Own Your Money Before Someone Else Does

How much of YOUR money do you give away to someone else? Small expenses, like grabbing a coffee on the go, add up in the long run.  Instead of accepting your paycheck as a reward, think of it as an opportunity for YOUR money to work hard for you. The purpose of this blog is to shift your perspective about money and change the way you use it so you can own more of it instead of giving less of it away to other people. 

George S. Clason wrote a great book in 1926 called The Richest Man in Babylon and provided some of the most foundational truths about wealth and how to become wealthy. Clason compares viewing money in the same way as historical families viewed having children.  In the early part of the last century, children were viewed as the sustaining power of the family’s estate.  They weren’t paid for their work but rewarded with the inheritance of the property and any wealth that was built through the family’s endeavors.  That is no longer the case today.  Where children were the parent’s safety net for retirement and end of life care, it’s now up to our hard-earned money to provide these luxuries. 

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In his book, Clason gives fives laws of gold or better yet, five golden rules about money that provide an easy and clear understanding of how to grow personal wealth. 

Here are Clason’s Five Laws of Gold:

1. Save one-tenth of your earnings to create an estate for your future and that of your family.

Clason is describing a concept of having a diligent savings plan. One-tenth being the bare minimum, saving more than this provides a much bigger safety net for your future.  Moreover, the earlier you start, the less you’ll have to save each month. If saving 10% of your income is difficult, find what expenses are unnecessary and costly.  Live below your means and PAY YOURSELF FIRST.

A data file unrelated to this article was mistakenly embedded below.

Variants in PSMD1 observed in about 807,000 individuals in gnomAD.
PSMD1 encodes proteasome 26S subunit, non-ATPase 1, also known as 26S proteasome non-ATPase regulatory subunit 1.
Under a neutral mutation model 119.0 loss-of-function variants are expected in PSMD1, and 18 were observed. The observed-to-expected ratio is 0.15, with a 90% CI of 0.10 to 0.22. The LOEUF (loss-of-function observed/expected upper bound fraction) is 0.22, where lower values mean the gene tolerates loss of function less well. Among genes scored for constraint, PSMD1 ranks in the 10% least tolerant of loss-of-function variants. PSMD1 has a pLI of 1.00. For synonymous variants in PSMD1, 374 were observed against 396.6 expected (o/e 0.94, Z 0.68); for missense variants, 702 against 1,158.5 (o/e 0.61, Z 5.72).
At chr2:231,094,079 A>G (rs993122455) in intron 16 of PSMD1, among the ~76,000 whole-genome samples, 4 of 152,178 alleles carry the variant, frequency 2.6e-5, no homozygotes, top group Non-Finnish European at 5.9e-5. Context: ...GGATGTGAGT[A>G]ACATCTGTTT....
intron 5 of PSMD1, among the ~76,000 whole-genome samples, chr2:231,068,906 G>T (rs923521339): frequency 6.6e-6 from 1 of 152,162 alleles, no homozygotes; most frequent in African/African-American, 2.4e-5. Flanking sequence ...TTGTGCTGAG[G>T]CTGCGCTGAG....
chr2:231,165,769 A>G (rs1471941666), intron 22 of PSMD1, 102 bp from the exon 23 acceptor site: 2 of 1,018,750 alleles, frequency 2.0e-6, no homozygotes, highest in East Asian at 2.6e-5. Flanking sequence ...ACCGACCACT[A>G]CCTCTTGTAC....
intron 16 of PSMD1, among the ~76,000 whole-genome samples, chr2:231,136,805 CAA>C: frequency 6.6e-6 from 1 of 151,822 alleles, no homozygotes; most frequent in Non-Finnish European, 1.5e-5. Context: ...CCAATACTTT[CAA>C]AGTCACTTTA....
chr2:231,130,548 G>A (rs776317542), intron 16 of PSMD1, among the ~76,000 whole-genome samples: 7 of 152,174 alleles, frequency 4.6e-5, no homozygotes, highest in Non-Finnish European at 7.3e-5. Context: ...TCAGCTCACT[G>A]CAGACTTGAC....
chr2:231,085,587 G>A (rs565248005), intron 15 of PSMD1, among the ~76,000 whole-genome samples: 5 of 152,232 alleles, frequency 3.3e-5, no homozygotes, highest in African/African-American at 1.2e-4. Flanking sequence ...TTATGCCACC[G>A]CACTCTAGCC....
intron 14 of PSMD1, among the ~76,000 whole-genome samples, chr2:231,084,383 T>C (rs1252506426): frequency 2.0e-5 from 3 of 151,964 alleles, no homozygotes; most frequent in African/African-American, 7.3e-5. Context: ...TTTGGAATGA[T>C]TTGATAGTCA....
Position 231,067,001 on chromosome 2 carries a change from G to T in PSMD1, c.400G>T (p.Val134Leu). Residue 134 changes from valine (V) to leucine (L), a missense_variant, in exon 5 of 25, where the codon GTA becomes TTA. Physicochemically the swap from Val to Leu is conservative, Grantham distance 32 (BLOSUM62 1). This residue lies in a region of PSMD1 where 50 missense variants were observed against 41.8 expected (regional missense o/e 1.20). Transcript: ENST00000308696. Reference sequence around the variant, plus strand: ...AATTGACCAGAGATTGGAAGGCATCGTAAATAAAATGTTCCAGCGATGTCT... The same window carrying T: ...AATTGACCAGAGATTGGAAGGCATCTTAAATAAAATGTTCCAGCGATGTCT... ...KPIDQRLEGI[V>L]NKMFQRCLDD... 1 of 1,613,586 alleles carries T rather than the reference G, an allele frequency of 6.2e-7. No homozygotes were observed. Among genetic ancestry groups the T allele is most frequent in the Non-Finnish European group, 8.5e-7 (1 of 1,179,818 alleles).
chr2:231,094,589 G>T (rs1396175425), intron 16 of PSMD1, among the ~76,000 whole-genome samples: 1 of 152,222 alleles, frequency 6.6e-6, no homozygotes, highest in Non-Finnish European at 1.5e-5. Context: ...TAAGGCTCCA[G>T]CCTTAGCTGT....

2. Wise owners of money expect their gold to labor for them just as flocks in the field do for shepherds.

Building off of step one, it’s now time to invest your saving wisely.  Don’t just save your money and let it sit there.  It will lose value due to inflation.  Let your money do the hard work and create more wealth for you in the long-run.  Be cautious and constantly research where to save/invest your hard-earned cash.    


3. Invest wisely and cautiously under the advice of people who are wise in handling their own money.

Research, and seek qualified advice.  Choose your mentors and financial advisors carefully.  Can you trust them?  They should lead by example and continuously practice and implement what they preach.  Has he or she already achieved what you hope to achieve?


4. Gold slips away from people who invest in businesses or purposes in which they are unfamiliar.

Simply put, do your research and be prepared.  Always read and educate yourself.  Don’t be gullible and invest in what all of Wall Street says is the next big stock or move all your savings into bonds because someone told you so. You are never old enough or smart enough to stop further educating yourself. 


5. Gold flees from people who force it to do impossible earnings and carries romantic desires about their investments.

Don’t be greedy! There’s a balance in having your money work for you.  If an offer sound too good to be true, maybe it is, and maybe you need to do more research.  Perhaps Warren Buffet said it best. 

Investing should be more like watching grass grow or paint dry...
— Warren Buffet

Again, what you should take away from this is your perception of money and how to make it work for you.  Live below your means and pay yourself first.  Educate yourself and invest in things you understand. Be cautious and seek out those who a wise and have experience with handling their own money, don’t fall into romantic desires of rapidly growing your wealth.  Diligently apply these golden rules on a regular basis, and you will grow your wealth while having financial peace. 

Order the Richest Man in Babylon by George S. Clason. 


i. The Richest Man in Babylon, George S. Clason. 1955, Signet Publishing, NY, New York.

*The foregoing content reflects the author's personal opinions which may not coincide with the opinions of the firm, and are subject to change at any time without notice. Content provided herein is for informational purposes only and should not be used or construed as investment advice or a recommendation regarding the purchase or sale of any security. There is no guarantee that these statements, opinions, or forecasts provided herein will prove to be correct. Past performance is not a guarantee of future results. Indices are not available for direct investment. Any investor who attempts to mimic the performance of an index would incur fees and expenses which would reduce returns. All investing involves risk. Asset allocation and diversification does not ensure a profit or protect against a loss. Finally, please understand that–as with other social media–if you leave a comment, it will be made public.